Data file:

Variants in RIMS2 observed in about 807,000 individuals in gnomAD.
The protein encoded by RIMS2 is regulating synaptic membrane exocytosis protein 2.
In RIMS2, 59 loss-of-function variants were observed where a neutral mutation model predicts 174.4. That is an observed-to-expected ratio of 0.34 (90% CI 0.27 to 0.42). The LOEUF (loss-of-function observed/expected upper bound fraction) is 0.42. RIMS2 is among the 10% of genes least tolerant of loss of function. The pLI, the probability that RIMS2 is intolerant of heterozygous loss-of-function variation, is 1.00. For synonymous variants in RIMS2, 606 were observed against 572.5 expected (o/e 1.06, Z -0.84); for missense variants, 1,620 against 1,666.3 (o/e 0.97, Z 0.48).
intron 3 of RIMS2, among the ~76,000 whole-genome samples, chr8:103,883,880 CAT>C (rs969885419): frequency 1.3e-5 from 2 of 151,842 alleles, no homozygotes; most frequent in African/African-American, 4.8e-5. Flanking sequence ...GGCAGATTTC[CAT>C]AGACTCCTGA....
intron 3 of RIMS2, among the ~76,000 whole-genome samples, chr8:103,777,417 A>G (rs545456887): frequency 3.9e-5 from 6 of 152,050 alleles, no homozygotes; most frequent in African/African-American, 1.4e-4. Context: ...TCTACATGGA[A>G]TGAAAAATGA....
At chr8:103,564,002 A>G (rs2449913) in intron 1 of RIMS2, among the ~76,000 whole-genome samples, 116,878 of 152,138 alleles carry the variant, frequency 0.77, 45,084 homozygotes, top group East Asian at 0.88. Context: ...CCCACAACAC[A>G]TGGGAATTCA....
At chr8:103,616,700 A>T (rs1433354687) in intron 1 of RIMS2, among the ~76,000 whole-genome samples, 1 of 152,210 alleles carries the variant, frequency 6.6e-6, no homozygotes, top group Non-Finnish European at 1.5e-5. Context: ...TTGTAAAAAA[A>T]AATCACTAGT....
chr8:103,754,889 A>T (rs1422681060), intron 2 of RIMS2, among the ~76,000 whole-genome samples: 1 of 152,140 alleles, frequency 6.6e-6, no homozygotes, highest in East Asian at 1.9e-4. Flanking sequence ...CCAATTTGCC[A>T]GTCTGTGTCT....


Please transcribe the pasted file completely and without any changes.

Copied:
Variants in RIMS2 observed in about 807,000 individuals in gnomAD.
The protein encoded by RIMS2 is regulating synaptic membrane exocytosis protein 2.
In RIMS2, 59 loss-of-function variants were observed where a neutral mutation model predicts 174.4. That is an observed-to-expected ratio of 0.34 (90% CI 0.27 to 0.42). The LOEUF (loss-of-function observed/expected upper bound fraction) is 0.42. RIMS2 is among the 10% of genes least tolerant of loss of function. The pLI, the probability that RIMS2 is intolerant of heterozygous loss-of-function variation, is 1.00. For synonymous variants in RIMS2, 606 were observed against 572.5 expected (o/e 1.06, Z -0.84); for missense variants, 1,620 against 1,666.3 (o/e 0.97, Z 0.48).
intron 3 of RIMS2, among the ~76,000 whole-genome samples, chr8:103,883,880 CAT>C (rs969885419): frequency 1.3e-5 from 2 of 151,842 alleles, no homozygotes; most frequent in African/African-American, 4.8e-5. Flanking sequence ...GGCAGATTTC[CAT>C]AGACTCCTGA....
intron 3 of RIMS2, among the ~76,000 whole-genome samples, chr8:103,777,417 A>G (rs545456887): frequency 3.9e-5 from 6 of 152,050 alleles, no homozygotes; most frequent in African/African-American, 1.4e-4. Context: ...TCTACATGGA[A>G]TGAAAAATGA....
At chr8:103,564,002 A>G (rs2449913) in intron 1 of RIMS2, among the ~76,000 whole-genome samples, 116,878 of 152,138 alleles carry the variant, frequency 0.77, 45,084 homozygotes, top group East Asian at 0.88. Context: ...CCCACAACAC[A>G]TGGGAATTCA....
At chr8:103,616,700 A>T (rs1433354687) in intron 1 of RIMS2, among the ~76,000 whole-genome samples, 1 of 152,210 alleles carries the variant, frequency 6.6e-6, no homozygotes, top group Non-Finnish European at 1.5e-5. Context: ...TTGTAAAAAA[A>T]AATCACTAGT....
chr8:103,754,889 A>T (rs1422681060), intron 2 of RIMS2, among the ~76,000 whole-genome samples: 1 of 152,140 alleles, frequency 6.6e-6, no homozygotes, highest in East Asian at 1.9e-4. Flanking sequence ...CCAATTTGCC[A>T]GTCTGTGTCT....